On 3 March 2016, unidentified assailants broke into the home of world-renowned indigenous rights campaigner Berta Caceres and murdered her. Berta was a Lenca indigenous woman who, for the past 20 years, has been defending the territory and rights of the Lenca people.
In 1993 she co-founded Consejo Cívico de Organizaciones Indígenas Populares – COPINH (Civic Council of Popular Indigenous Organisations), which led fierce campaigns against megaprojects that violated the land and environmental rights of local communities. She faced off – and often won – against illegal loggers, plantation owners, multinational corporations, and dam projects that would cut off food and water supplies to indigenous communities. As a response to her battle for the rights of her people and other indigenous groups in Honduras, she received threats of death, rape, and physical attack. She faced false charges of “illegal possession of a firearm endangering the security of the Honduran state,” usurpation of land, and coercion. She was also charged with causing more than $3 million in damages to DESA, a hydroelectric dam company.
In recognition of extreme risk she faced to defend indigenous Honduran people, Berta was selected as a finalist for the 2014 Front Line Defenders Award for Human Rights Defenders at Risk and in 2015 she received the world’s leading environmental award. Berta won the Goldman Prize for COPIHN’s battle against the construction of the “Agua Zarca cascade” – four giant dams in the Gualcarque river basin that have the potential to starve whole communities. As a result of local protests, two companies involved in the construction of the dam – SinoHydro and the International Finance Corporation – backed out of the project.
Many are (rightly) placing her horrific killing alongside the hundreds of other indigenous activists who have been slaughtered in Honduras for defending their communities right to land. She was considered by the New York Times, one of the most prominent environmentalist activist in Honduras.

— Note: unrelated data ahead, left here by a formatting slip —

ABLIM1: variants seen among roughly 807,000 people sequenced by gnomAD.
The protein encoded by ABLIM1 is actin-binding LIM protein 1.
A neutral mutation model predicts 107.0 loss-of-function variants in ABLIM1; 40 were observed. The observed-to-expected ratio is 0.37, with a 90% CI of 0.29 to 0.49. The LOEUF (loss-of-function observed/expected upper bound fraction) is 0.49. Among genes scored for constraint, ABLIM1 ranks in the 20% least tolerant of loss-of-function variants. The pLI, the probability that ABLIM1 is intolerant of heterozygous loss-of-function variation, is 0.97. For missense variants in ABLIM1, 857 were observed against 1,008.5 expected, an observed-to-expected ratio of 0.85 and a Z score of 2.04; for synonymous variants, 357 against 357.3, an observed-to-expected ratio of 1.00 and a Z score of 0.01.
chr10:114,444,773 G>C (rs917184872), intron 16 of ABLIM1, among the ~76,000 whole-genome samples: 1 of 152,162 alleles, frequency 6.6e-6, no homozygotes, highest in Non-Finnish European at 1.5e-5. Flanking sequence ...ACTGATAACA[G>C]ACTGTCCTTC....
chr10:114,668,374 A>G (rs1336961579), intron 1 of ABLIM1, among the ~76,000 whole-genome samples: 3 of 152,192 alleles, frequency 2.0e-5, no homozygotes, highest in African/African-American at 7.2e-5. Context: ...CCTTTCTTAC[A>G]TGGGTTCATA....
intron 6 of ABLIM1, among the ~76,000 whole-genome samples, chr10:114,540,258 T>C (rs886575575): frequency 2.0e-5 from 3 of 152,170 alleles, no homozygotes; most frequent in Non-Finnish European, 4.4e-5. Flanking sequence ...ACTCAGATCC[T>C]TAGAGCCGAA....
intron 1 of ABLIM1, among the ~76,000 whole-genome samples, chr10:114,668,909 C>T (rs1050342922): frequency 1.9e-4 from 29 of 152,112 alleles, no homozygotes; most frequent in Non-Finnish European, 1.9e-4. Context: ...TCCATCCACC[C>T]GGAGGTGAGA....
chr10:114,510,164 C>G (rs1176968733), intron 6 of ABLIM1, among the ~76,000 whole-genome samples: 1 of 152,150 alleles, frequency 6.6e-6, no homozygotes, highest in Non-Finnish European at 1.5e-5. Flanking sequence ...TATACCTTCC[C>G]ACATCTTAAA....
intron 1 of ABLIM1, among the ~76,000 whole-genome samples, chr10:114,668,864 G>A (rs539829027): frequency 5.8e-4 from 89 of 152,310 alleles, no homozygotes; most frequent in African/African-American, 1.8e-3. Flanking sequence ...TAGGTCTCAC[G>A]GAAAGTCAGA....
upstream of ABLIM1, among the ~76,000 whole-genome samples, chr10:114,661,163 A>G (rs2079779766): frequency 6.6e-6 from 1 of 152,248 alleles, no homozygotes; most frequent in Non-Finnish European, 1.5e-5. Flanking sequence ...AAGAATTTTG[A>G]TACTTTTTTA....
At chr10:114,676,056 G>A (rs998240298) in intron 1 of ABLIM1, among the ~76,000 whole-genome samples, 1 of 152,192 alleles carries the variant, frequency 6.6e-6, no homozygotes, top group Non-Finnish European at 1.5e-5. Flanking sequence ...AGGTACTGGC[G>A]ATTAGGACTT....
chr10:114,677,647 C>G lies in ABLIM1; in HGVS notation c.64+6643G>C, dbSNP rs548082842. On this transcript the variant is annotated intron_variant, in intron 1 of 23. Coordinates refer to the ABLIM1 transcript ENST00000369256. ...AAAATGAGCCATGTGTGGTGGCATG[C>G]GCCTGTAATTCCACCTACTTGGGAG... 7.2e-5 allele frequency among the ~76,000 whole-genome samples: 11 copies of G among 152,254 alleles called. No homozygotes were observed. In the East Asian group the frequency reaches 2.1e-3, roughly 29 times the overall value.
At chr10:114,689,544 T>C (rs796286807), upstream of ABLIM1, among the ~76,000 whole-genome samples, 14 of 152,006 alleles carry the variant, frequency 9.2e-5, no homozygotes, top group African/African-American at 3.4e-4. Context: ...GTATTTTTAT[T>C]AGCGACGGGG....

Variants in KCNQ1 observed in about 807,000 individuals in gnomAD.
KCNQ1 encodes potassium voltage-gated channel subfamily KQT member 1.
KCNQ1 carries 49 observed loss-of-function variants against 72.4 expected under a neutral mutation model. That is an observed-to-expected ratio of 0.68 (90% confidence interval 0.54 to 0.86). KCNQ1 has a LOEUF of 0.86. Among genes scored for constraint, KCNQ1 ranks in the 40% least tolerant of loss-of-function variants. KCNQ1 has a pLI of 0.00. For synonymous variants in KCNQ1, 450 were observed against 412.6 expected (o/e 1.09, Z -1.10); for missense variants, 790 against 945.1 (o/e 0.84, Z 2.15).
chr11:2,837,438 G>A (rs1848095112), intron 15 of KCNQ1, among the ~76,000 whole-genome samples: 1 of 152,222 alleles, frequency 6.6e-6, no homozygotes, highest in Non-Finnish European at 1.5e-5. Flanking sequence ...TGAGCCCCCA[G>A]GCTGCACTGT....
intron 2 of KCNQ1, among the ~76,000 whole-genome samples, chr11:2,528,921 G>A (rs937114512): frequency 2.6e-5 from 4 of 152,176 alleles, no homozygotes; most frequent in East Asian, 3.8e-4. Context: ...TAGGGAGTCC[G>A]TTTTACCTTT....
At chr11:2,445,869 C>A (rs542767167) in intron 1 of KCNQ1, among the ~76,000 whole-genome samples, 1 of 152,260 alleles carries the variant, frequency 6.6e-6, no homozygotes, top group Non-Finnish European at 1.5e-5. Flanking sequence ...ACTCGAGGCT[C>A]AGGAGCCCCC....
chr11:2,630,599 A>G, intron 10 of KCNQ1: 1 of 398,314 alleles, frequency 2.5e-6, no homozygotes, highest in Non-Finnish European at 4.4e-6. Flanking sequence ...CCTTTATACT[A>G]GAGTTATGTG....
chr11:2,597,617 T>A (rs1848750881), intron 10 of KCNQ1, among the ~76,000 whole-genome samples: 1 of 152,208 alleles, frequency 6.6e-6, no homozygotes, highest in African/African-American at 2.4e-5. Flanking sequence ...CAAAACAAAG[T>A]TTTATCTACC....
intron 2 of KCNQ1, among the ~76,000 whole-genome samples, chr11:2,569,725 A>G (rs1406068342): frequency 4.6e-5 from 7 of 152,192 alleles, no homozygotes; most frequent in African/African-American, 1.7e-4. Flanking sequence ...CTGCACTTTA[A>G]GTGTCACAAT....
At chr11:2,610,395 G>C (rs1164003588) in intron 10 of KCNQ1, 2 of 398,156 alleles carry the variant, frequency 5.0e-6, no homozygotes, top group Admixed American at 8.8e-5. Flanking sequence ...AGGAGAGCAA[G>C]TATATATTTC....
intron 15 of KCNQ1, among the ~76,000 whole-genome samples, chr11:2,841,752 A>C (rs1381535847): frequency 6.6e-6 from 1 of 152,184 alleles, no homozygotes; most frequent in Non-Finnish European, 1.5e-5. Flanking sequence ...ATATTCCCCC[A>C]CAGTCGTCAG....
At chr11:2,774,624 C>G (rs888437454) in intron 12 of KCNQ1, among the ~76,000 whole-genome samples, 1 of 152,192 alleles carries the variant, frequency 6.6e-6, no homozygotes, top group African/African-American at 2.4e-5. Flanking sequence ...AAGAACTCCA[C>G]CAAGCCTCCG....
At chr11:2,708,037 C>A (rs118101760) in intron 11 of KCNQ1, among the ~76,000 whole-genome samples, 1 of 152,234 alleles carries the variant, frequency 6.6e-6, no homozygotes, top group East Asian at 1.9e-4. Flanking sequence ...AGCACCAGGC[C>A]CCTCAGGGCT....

Cárceres was aware of the danger, but she persevered in her defence of human rights, and never surrendered for the love of her people.
Since the regional instability and U.S. involvement characterising the years 1980s and 1990s, violence is still widespread with the presence of gangs and drugs traffickers which make human rights defenders particularly at risk.
On 30 November, 2018, a court ruling convicted seven men of murdering Berta: Sergio Ramón Rodríguez, communities and environment manager for Desa; Douglas Geovanny Bustillo, former Desa security chief and ex-US trained army lieutenant; Mariano Díaz Chávez, US-trained special forces major who served with Bustillo; Henry Javier Hernández, former special forces sergeant who served with Díaz; Edwin Rapalo; Edilson Duarte Meza; and Oscar Torres. An eighth defendant, Emerson Duarte Meza, was cleared and freed. The court ruled the murder was ordered by executives of the Agua Zarca dam company Desa because of delays and financial losses linked to protests led by Cáceres. The murder was contracted to a group of hitmen who were paid to kill Cáceres.
Berta’s message resonates in her strength and determination to the environmental cause. Her perseverance, hard work and passion to claim justice for the Lenca people make her an inspiration for those fighting against environmentally disruptive projects, political violence and human rights violations.